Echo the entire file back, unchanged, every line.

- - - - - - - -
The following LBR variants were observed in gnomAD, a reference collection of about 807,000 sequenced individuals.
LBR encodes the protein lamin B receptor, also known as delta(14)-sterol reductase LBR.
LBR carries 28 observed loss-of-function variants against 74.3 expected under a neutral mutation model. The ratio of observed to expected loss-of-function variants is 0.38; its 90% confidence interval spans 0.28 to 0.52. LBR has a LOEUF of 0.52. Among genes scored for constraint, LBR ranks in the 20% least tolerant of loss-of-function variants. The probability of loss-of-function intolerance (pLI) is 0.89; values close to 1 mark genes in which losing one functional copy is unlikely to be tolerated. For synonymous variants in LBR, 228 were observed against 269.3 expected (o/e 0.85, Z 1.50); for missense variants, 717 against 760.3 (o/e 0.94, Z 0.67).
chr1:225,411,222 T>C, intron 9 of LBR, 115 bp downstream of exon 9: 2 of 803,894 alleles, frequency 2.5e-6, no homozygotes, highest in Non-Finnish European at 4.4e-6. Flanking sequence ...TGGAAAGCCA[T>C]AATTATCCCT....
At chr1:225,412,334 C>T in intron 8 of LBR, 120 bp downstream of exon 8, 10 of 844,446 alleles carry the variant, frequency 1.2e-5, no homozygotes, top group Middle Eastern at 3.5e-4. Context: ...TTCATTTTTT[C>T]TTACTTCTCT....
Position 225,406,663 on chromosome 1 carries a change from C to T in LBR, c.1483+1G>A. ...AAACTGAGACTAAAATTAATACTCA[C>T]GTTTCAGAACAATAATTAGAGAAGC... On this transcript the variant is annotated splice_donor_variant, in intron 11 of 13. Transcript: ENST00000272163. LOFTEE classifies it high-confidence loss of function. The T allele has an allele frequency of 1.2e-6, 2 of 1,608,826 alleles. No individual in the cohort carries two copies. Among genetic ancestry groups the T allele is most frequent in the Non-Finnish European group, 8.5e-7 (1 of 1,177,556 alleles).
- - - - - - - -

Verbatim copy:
The following LBR variants were observed in gnomAD, a reference collection of about 807,000 sequenced individuals.
LBR encodes the protein lamin B receptor, also known as delta(14)-sterol reductase LBR.
LBR carries 28 observed loss-of-function variants against 74.3 expected under a neutral mutation model. The ratio of observed to expected loss-of-function variants is 0.38; its 90% confidence interval spans 0.28 to 0.52. LBR has a LOEUF of 0.52. Among genes scored for constraint, LBR ranks in the 20% least tolerant of loss-of-function variants. The probability of loss-of-function intolerance (pLI) is 0.89; values close to 1 mark genes in which losing one functional copy is unlikely to be tolerated. For synonymous variants in LBR, 228 were observed against 269.3 expected (o/e 0.85, Z 1.50); for missense variants, 717 against 760.3 (o/e 0.94, Z 0.67).
chr1:225,411,222 T>C, intron 9 of LBR, 115 bp downstream of exon 9: 2 of 803,894 alleles, frequency 2.5e-6, no homozygotes, highest in Non-Finnish European at 4.4e-6. Flanking sequence ...TGGAAAGCCA[T>C]AATTATCCCT....
At chr1:225,412,334 C>T in intron 8 of LBR, 120 bp downstream of exon 8, 10 of 844,446 alleles carry the variant, frequency 1.2e-5, no homozygotes, top group Middle Eastern at 3.5e-4. Context: ...TTCATTTTTT[C>T]TTACTTCTCT....
Position 225,406,663 on chromosome 1 carries a change from C to T in LBR, c.1483+1G>A. ...AAACTGAGACTAAAATTAATACTCA[C>T]GTTTCAGAACAATAATTAGAGAAGC... On this transcript the variant is annotated splice_donor_variant, in intron 11 of 13. Transcript: ENST00000272163. LOFTEE classifies it high-confidence loss of function. The T allele has an allele frequency of 1.2e-6, 2 of 1,608,826 alleles. No individual in the cohort carries two copies. Among genetic ancestry groups the T allele is most frequent in the Non-Finnish European group, 8.5e-7 (1 of 1,177,556 alleles).